There is an African proverb that says, "If you want to run fast, run alone; if you want to run far, run together." Despite what others may think, journalism is not all about sitting alone, typing out stories by the light of the computer monitor. In fact, it can be easier to cover large events if done in teams. However, what if the goal is to create a video piece and there is only one video camera?
That was the challenge for the upcoming piece on Marissa Lovell's speech for National Eating Disorder Awareness Week. Marissa is the daughter of Marquette University's president-elect Michael Lovell. She spoke for nearly an hour about her own struggle with anorexia nervosa and resources for people suffering from eating disorders. Afterwards, there was a panel discussion with Marissa's mother and two eating disorder experts, who answered audience questions.
The event was covered with the help of Maredithe Meyer. During Marissa's speech, I filmed. Moving around helped capture a number of shots from different angles, including Marissa speaking, her presentation slides and the audience. Maredithe sat in the front row, capturing audio and taking notes. Together, we asked for audience reactions, along with interviewing Marissa and her mother.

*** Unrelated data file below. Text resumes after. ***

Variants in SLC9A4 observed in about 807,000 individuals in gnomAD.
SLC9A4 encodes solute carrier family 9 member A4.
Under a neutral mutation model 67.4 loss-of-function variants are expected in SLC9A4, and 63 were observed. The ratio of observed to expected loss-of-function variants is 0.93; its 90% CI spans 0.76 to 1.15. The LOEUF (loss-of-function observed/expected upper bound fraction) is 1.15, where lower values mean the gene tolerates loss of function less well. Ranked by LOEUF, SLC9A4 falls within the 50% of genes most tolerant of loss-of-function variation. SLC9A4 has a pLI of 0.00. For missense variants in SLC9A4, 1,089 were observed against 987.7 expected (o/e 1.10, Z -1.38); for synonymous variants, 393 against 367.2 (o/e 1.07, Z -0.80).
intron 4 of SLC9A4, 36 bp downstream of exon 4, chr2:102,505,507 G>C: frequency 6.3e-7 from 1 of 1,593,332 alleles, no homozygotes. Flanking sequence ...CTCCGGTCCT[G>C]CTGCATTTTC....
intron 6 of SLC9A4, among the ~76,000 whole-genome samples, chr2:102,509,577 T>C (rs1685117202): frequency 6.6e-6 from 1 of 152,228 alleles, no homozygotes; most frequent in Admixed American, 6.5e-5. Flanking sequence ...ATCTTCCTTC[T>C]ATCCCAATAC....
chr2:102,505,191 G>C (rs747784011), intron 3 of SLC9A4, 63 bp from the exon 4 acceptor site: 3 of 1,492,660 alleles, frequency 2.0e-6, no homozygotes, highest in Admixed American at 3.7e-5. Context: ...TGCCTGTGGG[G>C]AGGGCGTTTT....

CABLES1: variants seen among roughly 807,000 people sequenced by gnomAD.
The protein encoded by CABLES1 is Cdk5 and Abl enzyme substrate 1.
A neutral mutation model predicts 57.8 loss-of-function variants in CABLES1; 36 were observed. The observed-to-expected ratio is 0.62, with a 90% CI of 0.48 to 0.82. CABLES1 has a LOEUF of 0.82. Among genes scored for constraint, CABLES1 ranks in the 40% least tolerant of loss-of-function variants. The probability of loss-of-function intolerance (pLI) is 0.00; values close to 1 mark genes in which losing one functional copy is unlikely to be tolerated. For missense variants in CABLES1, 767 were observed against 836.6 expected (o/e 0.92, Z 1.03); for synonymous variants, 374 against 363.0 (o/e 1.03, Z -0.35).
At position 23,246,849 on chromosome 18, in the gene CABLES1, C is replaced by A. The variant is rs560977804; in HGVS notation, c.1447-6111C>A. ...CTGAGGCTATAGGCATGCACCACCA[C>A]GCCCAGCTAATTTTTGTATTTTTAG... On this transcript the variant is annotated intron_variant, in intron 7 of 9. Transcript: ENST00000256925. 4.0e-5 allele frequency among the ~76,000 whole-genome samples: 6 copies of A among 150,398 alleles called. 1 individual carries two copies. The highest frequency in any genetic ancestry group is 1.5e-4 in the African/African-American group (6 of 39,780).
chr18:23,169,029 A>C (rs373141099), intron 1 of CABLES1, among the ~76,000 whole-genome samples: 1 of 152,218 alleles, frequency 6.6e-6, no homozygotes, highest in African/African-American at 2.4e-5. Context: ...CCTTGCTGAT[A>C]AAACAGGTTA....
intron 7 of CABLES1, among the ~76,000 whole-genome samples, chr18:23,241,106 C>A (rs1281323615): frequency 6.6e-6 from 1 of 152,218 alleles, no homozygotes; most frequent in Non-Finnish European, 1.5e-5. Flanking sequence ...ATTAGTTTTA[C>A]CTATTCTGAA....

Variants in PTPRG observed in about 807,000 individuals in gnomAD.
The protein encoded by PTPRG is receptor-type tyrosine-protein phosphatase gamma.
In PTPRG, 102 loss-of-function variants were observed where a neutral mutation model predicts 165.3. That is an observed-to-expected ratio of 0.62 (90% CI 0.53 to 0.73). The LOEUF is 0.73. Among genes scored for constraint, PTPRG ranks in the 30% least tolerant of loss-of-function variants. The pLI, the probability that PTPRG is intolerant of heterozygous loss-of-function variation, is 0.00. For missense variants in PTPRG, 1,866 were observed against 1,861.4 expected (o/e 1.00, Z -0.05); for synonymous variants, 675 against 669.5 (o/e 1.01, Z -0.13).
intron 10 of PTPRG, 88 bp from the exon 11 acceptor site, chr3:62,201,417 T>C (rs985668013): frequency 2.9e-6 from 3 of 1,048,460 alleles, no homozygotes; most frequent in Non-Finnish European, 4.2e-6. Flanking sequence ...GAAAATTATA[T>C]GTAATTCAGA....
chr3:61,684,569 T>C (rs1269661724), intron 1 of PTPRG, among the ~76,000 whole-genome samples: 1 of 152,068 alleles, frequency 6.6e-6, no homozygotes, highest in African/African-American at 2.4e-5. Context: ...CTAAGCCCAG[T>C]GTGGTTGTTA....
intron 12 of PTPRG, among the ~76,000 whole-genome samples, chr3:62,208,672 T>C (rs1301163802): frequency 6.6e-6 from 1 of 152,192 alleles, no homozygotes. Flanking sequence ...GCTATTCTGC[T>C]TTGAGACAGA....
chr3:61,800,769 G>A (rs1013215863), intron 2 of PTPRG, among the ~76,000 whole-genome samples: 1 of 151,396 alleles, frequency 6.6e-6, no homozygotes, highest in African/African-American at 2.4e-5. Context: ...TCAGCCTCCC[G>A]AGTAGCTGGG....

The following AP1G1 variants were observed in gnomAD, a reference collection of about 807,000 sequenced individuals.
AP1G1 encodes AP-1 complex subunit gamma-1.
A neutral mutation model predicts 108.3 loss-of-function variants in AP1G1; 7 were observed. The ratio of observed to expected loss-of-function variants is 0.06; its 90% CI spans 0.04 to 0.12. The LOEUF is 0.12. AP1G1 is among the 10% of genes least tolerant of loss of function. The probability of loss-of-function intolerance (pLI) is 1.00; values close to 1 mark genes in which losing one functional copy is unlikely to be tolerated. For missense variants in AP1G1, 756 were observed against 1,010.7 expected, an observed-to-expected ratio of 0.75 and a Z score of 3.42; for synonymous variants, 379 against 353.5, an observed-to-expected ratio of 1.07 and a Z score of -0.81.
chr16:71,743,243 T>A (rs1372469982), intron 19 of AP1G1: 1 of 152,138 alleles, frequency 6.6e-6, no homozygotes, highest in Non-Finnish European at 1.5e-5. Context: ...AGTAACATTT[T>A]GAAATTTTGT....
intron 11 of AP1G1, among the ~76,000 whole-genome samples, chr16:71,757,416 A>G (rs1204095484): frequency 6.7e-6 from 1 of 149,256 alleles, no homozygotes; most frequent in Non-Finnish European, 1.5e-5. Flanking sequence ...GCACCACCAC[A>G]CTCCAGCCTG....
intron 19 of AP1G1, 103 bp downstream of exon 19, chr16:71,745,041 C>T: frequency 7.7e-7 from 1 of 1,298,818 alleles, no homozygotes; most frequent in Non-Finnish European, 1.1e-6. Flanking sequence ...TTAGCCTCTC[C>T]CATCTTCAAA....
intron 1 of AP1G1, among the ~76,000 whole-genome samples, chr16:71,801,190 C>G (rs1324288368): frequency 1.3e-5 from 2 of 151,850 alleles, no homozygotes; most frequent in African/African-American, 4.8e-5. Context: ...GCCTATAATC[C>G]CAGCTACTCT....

Maredithe and I alternated filming and asking questions to get audience insights. It almost became a competition. After one of us would get someone to answer questions on camera, we joked, "Alright, your turn" to get someone to agree to be interviewed. Maredithe was much more successful at this than me. It is becoming increasingly clear with each video project that people are nervous about being on camera. However, a reassuring smile that we are not working for TMZ or doing "gotcha journalism" seems to help.
It was a challenge to work together with one camera, when there was a lot of B-roll happening all at once. Between people discussing the topic after the event to Marissa hugging her family, it was difficult not to stress out about capturing everything. In my content paralysis, Maredithe grabbed the camera and captured some great B-roll of Marissa speaking with students and talking with her family. This will help show the personal side of Marissa sharing her story.
Before the event, I sent out this tweet as a joke, but found it to be true:
It was awesome working with such a driven and insightful partner. For a project that required the camera to be everywhere at once, Maredithe was an excellent resource in finding good shots and getting people to talk on camera. We were able to capture a lot of footage, which will make editing easier since there will be no shortage in content. Look for the video in the coming days.
Click here to read Maredithe's take on the event.
A chance to see the world from the perspective of a 6-foot-2, aspiring human rights journalist. Will include lessons learned and reflections.